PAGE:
Notching

Notching

[noch]

Notching is a metal-cutting process used on sheetmetal or thin barstock, sometimes on angle sections or tube. A shearing or punching process is used in a press, so as to cut vertically down and perpendicular to the surface, working from the edge of a workpiece. Sometimes the goal is merely the notch itself, but usually this is a precursor to some other process: such as bending a corner in sheet or joining two tubes at a tee joint, notching one to fit closely to the other.

Notching is a low-cost process, particularly for its low tooling costs with a small range of standard punches. The capital cost of the punch press can be expensive though, so small fabrication shops often out-source their notching work to a press shop. Notching of large or heavy sections, particularly for large tube fabrication or HVAC, is increasingly carried out by plasma cutting rather than punch tools.

The accuracy of punch notching is good, depending on the care with which it's carried out. For manual folding work, prior notching can often improve resultant accuracy of the folding itself.

The speed of notching is usually limited by manual handling when loading the workpieces into the press. Pieces some feet long may be manually loaded into a single-stroke press. Smaller pieces are still generally hand-fed, limiting speeds to perhaps 100 strokes / minute.

Almost any workable metal can be notched. It's particularly suitable where the metal is otherwise awkward to drill, such as stainless steels, titanium or previously heat-treated aluminium alloys.

Tube notching

Tube notching is commonly performed before joining light-gauge tubes to make a tee or similar joint, as by welding. Either one or both tubes may be notched before assembly. A familiar example of tube notching is in the manufacture of bicycle frames.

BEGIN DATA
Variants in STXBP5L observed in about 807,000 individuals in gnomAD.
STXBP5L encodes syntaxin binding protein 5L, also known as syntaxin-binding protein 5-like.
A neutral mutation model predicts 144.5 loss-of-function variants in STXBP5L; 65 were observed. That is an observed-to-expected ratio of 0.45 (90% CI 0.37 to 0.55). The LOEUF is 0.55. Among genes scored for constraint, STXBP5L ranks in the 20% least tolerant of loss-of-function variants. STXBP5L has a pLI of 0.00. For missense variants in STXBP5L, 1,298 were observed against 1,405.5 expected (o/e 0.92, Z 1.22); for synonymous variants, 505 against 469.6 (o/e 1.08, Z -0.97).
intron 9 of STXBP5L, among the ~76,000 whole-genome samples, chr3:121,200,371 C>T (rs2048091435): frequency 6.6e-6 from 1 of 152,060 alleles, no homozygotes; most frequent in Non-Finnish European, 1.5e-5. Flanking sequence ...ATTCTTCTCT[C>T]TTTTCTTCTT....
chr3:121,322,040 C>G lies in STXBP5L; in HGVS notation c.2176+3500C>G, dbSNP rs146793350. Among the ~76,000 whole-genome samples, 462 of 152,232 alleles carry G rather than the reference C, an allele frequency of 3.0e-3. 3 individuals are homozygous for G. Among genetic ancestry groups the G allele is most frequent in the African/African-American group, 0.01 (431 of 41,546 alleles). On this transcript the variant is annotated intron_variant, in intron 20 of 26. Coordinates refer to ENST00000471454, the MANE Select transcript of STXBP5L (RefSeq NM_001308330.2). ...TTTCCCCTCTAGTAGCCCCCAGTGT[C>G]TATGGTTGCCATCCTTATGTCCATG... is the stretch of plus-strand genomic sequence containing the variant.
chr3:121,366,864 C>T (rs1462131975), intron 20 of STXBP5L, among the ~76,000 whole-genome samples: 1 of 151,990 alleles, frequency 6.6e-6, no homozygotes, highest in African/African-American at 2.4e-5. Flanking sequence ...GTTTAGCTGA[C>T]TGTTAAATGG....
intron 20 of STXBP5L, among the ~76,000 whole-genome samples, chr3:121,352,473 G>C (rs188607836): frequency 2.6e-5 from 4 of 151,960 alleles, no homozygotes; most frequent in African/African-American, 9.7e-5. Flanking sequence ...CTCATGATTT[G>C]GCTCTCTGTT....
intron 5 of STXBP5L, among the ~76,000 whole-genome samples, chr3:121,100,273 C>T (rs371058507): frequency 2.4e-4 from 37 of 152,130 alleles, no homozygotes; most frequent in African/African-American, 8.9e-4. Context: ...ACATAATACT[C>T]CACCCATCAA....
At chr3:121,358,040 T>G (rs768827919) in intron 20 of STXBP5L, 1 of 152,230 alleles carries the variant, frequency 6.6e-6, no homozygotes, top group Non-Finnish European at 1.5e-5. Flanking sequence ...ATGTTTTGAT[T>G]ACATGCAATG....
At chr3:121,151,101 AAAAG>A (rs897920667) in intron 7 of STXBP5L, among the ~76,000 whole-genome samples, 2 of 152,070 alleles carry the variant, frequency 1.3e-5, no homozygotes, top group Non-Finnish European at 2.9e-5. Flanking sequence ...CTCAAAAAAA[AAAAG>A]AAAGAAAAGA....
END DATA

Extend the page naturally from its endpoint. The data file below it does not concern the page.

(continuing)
End notching works the end of the tube, such as a semicircular concavity to make the base of a tee, or a convex vee to fit into a mitre.

Side notching (also called offset notching) works the side of a tube with a vee notch for bending, semicircular or vee notches for tee joint.

Tube being hollow, it's not practical to use a simple punch operation to notch it, as it would be squashed. Although punching is possible, it requires support mandrels and awkward handling. Where tube is worked with a punch press other than for side notching, this is generally described as slotting.

Tube notching for fabrication of circular tube is thus usually done with a rotary hole saw instead, a saw of the diameter of the tube to be attached. This produces a semi-circular notch. Rather than using large presses, such saw notching may only require a simple jig, also making it suitable for on-site working.

Notching in thin-wall tube may also be carried out by abrasive tools, reducing some of the risk of damage from a hole saw snatching. This also allows more complex shapes to be performed, such as vee notches. In some cases, a helical end mill cutter may be used.

Notch and bend

Vee notches in tube, particularly square tube, may be cut so deep as to cut almost through the tube: three sides of a square tube. This then allows the tube to be bent into a mitred corner, usually finished by welding.

On a smaller scale for jewellery making, this operation is performed by hand-filing precious-metal strip before bending and soldering to make box frames or stone mounts.

References

Search another word or see Notchingon Dictionary | Thesaurus |Spanish
Copyright © 2014 Dictionary.com, LLC. All rights reserved.
  • Please Login or Sign Up to use the Recent Searches feature